I actually had to search my blog to make sure that I hadn’t already posted this recipe, as I’ve been making it for years, and it’s truly one of the best damn things I make.
As soon as I realized that it wasn’t on here, I got to work with typing it up. (Literally, in between bites, haha.) I love it because a) it’s delicious b) it’s easy c) I hate every other chicken and dumplings recipe that exists on the internet.
Ok, hate is a strong word, but I’m telling you—I’ve read them all (THERE ARE SO MANY), and every chicken and dumplings recipe out there was either very heavy with condensed soup and/or heavy cream (too heavy for my liking), or included rolled and cut dumplings (I know this is traditional for Southern recipes, but I wanted the fat, biscuity kind), or called for random ingredients that I wouldn’t normally have on hand (evaporated milk, rendered chicken fat, Worcestershire sauce, apple cider, turmeric, mustard powder?! What in the Ina Garten are people thinking?!). The recipes were either overly simplistic (i.e. the pre-cooked chicken and condensed soup–WHY wouldn’t you cook the chicken IN the stew to get all of that flavor?) or ridiculously, unnecessarily complicated (I see you, Bon Appetit, with the instructions to start with making stock from a whole chicken. Like, come on).
As with most of my cooking, I wanted a recipe that was simple yet delicious, comforting but not heavy. In my mind, chicken and dumplings should really just be chicken noodle soup, but a little bit richer and heartier, with some biscuit-y dumplings on top. The closest recipe to this that I was able to find was unsurprisingly written by Deb Perelman of Smitten Kitchen (my holy trinity of food writers are Deb, Ina, and Jenny Rosenstrach of Dinner: A Love Story—they can do no wrong). Deb’s method is great, but I still messed with the ingredient list a bunch…so I feel like I can take the liberty to call this Tara’s Chicken and Dumplings. You’re cool w that, right? 🙂
I hope you love this recipe as much as I do. Please make it for those you love, and let me know what you think!
Tara’s Chicken & Dumplings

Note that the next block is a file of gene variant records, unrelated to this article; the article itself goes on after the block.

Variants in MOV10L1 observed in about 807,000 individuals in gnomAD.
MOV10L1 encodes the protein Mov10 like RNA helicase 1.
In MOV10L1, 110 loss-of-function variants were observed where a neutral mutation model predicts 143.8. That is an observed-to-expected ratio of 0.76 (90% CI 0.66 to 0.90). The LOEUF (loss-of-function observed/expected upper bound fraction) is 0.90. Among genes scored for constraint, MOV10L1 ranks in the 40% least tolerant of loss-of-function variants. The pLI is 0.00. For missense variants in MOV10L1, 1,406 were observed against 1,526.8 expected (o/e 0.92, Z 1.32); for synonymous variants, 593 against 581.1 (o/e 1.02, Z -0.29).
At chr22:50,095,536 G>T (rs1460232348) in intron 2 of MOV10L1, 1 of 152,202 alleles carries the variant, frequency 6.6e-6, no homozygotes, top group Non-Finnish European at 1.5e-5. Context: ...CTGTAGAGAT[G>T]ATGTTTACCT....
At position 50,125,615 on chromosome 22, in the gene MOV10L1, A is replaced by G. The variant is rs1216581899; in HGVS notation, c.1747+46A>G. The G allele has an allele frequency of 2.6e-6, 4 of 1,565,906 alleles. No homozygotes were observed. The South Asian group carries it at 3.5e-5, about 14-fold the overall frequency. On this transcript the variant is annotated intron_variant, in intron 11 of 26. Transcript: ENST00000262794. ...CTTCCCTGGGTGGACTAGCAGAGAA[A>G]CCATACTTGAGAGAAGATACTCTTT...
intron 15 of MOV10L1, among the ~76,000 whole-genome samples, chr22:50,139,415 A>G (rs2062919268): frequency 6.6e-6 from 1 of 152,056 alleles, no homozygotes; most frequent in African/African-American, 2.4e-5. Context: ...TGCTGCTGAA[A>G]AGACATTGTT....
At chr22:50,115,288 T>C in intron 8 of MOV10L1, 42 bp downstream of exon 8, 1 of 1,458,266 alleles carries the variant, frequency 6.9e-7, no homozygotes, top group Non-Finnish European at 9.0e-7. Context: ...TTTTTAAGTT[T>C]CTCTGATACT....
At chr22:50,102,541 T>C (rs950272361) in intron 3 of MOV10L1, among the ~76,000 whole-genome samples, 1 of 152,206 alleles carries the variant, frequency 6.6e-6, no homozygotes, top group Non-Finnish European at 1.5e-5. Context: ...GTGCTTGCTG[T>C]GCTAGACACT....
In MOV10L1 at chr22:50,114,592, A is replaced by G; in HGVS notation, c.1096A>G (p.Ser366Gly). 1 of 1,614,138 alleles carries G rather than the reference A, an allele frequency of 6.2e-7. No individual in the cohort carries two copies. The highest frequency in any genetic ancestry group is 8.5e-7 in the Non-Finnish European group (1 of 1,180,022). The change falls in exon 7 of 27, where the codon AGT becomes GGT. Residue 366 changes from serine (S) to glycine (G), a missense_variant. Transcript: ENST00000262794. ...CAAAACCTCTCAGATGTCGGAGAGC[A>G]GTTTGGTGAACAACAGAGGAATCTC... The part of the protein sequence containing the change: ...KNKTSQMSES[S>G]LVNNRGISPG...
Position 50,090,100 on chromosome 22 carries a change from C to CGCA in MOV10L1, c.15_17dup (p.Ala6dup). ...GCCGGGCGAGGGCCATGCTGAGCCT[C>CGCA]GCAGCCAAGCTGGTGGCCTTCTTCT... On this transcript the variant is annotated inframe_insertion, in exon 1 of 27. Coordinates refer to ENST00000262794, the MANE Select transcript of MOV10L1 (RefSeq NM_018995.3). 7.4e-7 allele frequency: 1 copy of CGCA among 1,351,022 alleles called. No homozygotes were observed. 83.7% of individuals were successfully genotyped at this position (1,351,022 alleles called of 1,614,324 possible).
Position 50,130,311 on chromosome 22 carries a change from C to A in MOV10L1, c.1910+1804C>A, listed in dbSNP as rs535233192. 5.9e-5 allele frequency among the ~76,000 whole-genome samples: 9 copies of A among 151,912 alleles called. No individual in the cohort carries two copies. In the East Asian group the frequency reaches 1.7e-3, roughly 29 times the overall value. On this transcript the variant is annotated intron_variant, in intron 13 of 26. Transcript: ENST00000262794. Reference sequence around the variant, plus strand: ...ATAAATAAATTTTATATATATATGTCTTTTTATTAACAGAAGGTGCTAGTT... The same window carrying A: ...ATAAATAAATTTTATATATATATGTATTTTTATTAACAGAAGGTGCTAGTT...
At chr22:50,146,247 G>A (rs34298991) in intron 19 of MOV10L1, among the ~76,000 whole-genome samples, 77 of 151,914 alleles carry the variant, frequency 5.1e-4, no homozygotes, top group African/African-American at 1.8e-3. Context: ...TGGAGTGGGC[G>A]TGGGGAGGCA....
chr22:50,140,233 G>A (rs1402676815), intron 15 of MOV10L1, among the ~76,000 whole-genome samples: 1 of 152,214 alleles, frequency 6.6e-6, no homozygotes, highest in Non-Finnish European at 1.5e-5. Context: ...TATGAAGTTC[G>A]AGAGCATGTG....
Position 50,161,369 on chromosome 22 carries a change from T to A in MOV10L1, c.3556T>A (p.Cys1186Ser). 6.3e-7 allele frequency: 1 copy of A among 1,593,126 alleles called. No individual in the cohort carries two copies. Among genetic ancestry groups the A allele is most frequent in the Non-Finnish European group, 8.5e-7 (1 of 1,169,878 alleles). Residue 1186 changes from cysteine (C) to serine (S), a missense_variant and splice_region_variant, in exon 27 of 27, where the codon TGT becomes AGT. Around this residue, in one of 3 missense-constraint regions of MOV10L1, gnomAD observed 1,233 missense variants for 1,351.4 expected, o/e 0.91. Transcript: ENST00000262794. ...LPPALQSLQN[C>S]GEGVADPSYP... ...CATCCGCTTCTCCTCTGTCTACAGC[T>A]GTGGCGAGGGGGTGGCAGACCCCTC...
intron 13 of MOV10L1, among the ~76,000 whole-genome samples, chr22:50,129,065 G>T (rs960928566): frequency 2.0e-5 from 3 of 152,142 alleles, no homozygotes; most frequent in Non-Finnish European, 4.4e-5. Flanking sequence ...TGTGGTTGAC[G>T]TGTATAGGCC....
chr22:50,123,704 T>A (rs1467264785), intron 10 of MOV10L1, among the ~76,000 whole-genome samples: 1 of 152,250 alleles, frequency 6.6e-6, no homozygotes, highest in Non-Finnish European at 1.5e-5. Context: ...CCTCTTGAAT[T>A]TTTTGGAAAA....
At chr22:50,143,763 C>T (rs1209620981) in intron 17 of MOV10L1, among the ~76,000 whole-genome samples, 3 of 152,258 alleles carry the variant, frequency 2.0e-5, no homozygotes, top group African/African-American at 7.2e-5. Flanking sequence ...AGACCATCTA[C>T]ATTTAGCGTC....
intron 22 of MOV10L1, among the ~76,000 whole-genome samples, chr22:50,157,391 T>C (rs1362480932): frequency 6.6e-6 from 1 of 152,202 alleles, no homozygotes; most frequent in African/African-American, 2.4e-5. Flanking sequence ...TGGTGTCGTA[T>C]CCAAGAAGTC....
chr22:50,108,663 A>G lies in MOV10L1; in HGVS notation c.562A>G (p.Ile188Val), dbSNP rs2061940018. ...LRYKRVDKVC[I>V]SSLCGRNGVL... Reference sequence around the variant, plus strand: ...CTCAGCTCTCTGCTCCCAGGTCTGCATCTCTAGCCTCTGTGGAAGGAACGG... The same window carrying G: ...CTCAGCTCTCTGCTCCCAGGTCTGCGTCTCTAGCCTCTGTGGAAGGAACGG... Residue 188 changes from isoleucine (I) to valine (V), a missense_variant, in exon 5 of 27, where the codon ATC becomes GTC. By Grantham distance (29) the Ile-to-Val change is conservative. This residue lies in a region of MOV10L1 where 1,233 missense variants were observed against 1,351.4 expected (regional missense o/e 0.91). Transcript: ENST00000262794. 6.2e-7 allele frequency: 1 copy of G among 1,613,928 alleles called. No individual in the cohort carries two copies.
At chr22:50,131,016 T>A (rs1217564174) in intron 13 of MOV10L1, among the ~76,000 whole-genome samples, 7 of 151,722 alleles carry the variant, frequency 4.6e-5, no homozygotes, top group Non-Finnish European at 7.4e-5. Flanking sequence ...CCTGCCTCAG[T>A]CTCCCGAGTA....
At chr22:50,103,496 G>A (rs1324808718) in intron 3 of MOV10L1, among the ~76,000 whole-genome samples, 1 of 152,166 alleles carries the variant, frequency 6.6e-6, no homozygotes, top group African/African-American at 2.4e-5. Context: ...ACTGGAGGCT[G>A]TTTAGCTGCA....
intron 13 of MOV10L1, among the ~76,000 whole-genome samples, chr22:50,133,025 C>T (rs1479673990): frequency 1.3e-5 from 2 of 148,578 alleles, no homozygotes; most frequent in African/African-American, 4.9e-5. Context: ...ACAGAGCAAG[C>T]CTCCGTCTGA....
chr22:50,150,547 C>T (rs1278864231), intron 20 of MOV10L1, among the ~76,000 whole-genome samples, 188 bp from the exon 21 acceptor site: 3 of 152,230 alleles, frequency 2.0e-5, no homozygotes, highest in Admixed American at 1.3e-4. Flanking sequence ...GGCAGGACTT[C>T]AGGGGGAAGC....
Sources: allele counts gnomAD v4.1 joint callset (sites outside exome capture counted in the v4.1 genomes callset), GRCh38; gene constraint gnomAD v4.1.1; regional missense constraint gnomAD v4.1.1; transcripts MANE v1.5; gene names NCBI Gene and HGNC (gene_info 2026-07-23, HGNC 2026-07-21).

4 tbsps butter
Salt and pepper
1 package boneless, skinless chicken thighs (about 1.5 lbs)
1 medium yellow onion, chopped
2 large carrots, chopped
3 celery, chopped
1 container chopped white or baby Bella mushrooms (optional; but I love the extra flavor and texture!)
A few sprigs of fresh thyme or a teaspoon of dried thyme (optional)
6 tbsps all-purpose flour
6 cups chicken stock (or 1 4 cup container chicken stock + 2 cups of water)
1/4 cup whole milk
Frozen peas (optional)
Chopped fresh parsley (optional, for garnish + freshness)
2 cups all-purpose flour
1 tbsp baking powder
1 tsp salt
3 tbsps butter
1 cup whole milk
Handful of chopped fresh parsley (optional, but makes them look prettier)
- Heat a couple tablespoons of olive oil in a Dutch oven or large pot over medium high heat. Salt and pepper the chicken thighs, and add them to the pot. Cook until browned on both sides, about 10 minutes, and remove to a plate. Lower the heat to medium.
- Melt the 4 tbsps of butter in the same pot. Add the onion, celery and carrot and cook until softened, about five minutes. Add the mushrooms and cook for a few minutes more. Season with salt, pepper and thyme if using.
- Add the 6 tbsps flour to the vegetables and cook, stirring, until vegetables are coated and no white flour remains.
- Add the stock (or stock + water), give the mixture a good stir, and add the chicken back in. Increase the heat to high, bring the mixture to a boil, then lower to a simmer. Simmer until chicken is cooked through, about 20-30 minutes, or longer if you have time.
- Remove the chicken thighs from the stew, shred the meat with two forks, then add back in, along with the 1/4 cup of milk and the peas.
- Bring the mixture back up to a simmer. In the meantime, make the dumplings!
- To make the dumplings, stir the flour, baking soda, and salt together in a bowl. In a separate bowl, heat the milk and butter together in the microwave for one minute, until just warmed.
- Combine the milk-butter mixture with the flour mixture (plus fresh parsley if using) and stir until JUST COMBINED. This is important, people! Over-mixing leads to tough, heavy dumplings, and we don’t want that!
- Once the stew is at a nice simmer over medium heat, scoop out a heaping tablespoon of the dumpling batter and use a second tablespoon to push the spoonful of dough on top of the simmering stew. Continue to scoop-n-plop your dumplings over the top of the stew, leaving a little bit of room between each one, as they will puff up and expand as they cook.
- Cover the pot with a lid, and let the dumplings steam until they’ve doubled in size, about 15 to 18 minutes. Don’t peek!
- Once the dumplings are cooked, I like to give them a quick flip over in the stew to make sure they’re all coated and ready to go. Garnish with fresh parsley and serve it up, girl!! The. Best.